While I enjoyed the storyline and the main character(s) were intriguing, the narrator ruined the experience. Other than the dialogue, which he read reasonably well, he read much too rapidly and mechanically. It reminded me of the voice on my Amazon Kindle and, believe me, that is not a voice you want to listen to for long periods of time.
First, let me say that I will download and listen to the sequel, Judas Unchained. That says something about how engaging the story line and characters are. Having said that, not since 19th century British lit have I read an author who loves to describe everything in excruciating detail. I would often speed up the playback to race through long descriptions of an apartment or an office chair. I generally hate abridged versions, but halfway through this novel, I longed for one.
Hyperion is that rarest of SF novels -- one that combines believable character you care about with galaxy spanning elements of science fiction. Everything in this book was pitch perfect, including the excellent narration. I highly recommend this Simmons' offering and its sequel.
First, I must disagree with many reviewers who liken this King offering to "The Stand." It's not. And if you believe it is, I suggest that you go back, like I did, and listen to "The Stand" again. However, it is Stephen King and that is enough to guarantee a good story with compelling characters. My major complaints are that the narrator gives a southern accent to the antagonist, a Maine used car salesman, and the author's new found penchant for using his novels as platforms to espouse his political beliefs. All that said, it's a Stephen King novel, which means it is a credit well-spent.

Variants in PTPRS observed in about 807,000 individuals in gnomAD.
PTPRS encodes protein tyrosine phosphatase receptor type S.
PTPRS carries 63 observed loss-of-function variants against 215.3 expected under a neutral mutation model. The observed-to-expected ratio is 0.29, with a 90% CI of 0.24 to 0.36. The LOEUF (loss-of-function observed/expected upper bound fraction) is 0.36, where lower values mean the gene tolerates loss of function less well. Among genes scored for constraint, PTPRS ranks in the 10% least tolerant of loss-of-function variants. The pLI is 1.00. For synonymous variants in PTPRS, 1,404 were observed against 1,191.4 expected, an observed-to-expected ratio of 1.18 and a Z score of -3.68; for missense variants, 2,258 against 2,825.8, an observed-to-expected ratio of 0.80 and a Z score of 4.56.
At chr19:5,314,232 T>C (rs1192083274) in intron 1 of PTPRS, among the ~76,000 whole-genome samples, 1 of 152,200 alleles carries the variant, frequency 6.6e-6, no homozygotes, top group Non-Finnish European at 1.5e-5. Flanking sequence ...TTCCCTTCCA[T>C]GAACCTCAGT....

I am finally giving up on Peter Straub. After reading "Ghost Story," I thought that he was the next best thing to Stephen King. Alas, nothing he has written since comes close to GS, and much of it, like "A Dark Matter" is almost unreadable. It did not take long before I did not care about the characters or how the story would end. One can suspend disbelief only so far, and the author takes us about a light year beyond that point in this book. It is amusing that the nickname of one of the book's charactor's is Dil and that at one point he and the main character try to remember the name of the author of "To Kill a Mockingbird." Mr. Straub should have taken Harper Lee's cue and quit after his first masterpiece.
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